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FROM THIS EPISODE

Once something only high school seniors worried about, the Scholastic Aptitude Test has come under fire in recent years. While President Bush has emphasized testing to improve education, the President of the University of California wants to eliminate the SAT in favor of a holistic approach in deciding who should get into college. We discuss his bold proposal as well as alternatives to evaluating skills for success, with the Chancellor of the UC Berkeley, a trustee of the SAT college board, a specialist in successful academic strategy within the African American community and others. (The Christian Science Monitor's Sara Terry guest hosts.)
  • Newsmaker: FBI Agent is Accused of Spying - Counterspy Robert Philip Hanssen has been arrested and faces charges that he spied for Moscow for more than a decade. The 27-year veteran of the FBI, had access to critical US intelligence information. Bruce Merritt, a former US attorney who helped prosecuted espionage cases during the Cold War, reveals the significance of the case.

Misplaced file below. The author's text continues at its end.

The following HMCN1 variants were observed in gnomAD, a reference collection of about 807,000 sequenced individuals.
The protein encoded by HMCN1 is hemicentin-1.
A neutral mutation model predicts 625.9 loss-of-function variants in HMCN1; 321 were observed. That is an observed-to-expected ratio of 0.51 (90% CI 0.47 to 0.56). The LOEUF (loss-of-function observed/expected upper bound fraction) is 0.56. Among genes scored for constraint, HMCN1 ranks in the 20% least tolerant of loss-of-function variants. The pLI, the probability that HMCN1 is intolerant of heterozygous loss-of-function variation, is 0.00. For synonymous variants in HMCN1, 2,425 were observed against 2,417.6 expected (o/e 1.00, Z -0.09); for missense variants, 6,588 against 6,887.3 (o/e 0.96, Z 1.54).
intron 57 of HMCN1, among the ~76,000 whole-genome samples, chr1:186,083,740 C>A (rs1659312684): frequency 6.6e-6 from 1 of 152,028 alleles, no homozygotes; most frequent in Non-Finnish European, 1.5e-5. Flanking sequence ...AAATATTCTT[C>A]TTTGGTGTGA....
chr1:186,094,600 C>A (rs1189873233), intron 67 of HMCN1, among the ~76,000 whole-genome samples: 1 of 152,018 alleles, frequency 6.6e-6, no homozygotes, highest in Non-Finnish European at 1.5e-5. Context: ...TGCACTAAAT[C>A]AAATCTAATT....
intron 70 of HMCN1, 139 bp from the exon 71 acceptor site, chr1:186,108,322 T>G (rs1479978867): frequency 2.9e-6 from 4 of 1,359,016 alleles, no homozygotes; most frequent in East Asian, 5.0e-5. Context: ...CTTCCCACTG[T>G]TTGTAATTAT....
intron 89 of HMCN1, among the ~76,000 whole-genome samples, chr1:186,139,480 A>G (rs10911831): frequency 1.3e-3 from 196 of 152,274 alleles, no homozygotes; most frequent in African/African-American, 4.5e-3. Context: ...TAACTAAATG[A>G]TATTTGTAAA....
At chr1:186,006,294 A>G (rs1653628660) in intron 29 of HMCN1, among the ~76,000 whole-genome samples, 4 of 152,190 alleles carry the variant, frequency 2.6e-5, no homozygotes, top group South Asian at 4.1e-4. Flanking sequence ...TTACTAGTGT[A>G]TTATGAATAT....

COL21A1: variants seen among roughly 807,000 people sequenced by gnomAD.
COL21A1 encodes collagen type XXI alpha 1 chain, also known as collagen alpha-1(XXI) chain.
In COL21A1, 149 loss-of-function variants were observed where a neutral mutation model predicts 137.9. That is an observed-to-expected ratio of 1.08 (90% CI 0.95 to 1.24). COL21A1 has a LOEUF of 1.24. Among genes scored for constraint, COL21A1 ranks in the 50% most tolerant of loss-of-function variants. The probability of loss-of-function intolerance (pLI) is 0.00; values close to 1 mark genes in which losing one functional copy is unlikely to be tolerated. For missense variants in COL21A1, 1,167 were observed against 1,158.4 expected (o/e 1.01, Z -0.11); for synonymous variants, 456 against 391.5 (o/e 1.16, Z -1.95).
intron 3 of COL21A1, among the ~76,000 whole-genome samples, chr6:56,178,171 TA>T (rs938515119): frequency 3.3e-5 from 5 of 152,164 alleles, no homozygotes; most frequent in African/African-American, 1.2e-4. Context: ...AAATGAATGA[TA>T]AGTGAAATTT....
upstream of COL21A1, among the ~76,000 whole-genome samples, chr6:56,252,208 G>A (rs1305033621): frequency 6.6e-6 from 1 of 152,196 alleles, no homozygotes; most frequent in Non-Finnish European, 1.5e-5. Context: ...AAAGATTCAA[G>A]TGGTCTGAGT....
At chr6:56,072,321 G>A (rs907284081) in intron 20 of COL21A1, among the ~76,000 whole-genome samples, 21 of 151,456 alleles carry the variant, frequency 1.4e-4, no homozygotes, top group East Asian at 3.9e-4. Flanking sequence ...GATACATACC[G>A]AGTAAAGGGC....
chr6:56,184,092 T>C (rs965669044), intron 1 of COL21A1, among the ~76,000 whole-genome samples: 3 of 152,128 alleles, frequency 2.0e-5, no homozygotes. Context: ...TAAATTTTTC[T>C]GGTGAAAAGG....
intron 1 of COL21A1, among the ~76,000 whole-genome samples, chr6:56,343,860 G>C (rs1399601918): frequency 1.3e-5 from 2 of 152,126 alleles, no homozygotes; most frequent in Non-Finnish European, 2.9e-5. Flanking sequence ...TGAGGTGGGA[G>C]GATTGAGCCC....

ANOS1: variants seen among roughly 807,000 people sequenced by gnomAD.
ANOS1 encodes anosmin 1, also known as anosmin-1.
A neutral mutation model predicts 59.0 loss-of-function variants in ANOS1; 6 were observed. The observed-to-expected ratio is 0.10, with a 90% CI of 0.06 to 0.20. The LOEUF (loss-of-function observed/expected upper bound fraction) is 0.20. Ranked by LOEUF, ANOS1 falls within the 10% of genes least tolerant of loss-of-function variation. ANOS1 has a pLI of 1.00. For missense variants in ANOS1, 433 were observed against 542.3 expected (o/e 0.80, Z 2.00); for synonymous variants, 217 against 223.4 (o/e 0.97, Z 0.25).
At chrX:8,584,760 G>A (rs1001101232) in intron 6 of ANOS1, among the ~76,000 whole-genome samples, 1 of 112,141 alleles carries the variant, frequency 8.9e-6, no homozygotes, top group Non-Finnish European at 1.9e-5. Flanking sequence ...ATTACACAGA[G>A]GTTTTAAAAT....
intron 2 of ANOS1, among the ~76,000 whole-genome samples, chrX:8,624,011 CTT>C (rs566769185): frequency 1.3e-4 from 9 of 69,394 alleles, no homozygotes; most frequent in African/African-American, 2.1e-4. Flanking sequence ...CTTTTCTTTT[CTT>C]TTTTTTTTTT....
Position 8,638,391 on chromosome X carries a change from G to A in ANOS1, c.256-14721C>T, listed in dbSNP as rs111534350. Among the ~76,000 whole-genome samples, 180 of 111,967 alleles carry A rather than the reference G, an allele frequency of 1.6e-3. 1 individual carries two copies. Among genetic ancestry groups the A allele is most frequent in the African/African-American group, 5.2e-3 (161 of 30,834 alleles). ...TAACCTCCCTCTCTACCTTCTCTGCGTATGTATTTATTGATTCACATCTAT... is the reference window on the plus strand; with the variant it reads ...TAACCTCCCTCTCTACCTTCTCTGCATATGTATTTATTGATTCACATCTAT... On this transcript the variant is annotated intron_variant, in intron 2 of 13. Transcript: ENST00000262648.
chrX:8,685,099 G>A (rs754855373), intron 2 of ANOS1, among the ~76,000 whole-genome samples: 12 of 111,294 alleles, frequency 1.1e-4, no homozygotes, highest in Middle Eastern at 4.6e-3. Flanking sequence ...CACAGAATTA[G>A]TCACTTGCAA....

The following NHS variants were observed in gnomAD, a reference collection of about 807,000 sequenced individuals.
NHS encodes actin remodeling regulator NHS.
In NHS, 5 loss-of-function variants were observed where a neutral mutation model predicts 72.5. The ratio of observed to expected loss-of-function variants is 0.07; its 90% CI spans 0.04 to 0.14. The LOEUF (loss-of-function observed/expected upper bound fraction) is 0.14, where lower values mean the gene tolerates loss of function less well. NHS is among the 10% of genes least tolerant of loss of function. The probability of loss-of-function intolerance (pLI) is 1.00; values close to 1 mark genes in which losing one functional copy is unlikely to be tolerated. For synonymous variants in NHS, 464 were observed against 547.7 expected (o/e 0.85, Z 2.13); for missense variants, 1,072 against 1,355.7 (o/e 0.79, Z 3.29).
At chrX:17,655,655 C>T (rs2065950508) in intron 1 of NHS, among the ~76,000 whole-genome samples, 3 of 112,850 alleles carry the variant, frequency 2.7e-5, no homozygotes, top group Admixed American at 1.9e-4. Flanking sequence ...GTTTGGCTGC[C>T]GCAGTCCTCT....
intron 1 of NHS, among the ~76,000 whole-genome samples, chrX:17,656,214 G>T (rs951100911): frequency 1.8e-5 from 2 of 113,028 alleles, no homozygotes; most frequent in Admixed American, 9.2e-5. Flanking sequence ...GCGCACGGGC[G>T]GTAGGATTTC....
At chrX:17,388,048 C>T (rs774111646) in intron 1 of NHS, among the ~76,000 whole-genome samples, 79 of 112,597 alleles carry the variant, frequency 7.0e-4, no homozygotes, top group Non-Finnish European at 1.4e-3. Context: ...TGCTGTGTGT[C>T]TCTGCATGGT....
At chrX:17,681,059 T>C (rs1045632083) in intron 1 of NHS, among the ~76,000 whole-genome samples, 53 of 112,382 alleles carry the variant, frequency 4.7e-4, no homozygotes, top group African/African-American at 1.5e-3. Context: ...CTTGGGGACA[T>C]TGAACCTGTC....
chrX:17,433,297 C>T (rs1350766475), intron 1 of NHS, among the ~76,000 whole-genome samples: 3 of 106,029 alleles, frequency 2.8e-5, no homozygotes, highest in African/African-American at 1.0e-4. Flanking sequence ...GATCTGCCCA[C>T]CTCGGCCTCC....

• Reporter's Notebook: Saddam Hussein's Support of the Palestinians - Saddam Hussein has offered thousands of dollars in financial support to the Palestinians during their recent uprising against Israel. Jerusalem-based Virginia Quirke, who writes for London's Observer and Guardian newspapers, explains his motive and what he hopes to gain from those who have lost faith in Yasser Arafat.

Federal Bureau of Investigation

Scholastic Aptitude Test

UC Berkeley

Macalester College

College Board

National Center for Fair and Open Testing

University of Maryland, Baltimore County

Observer

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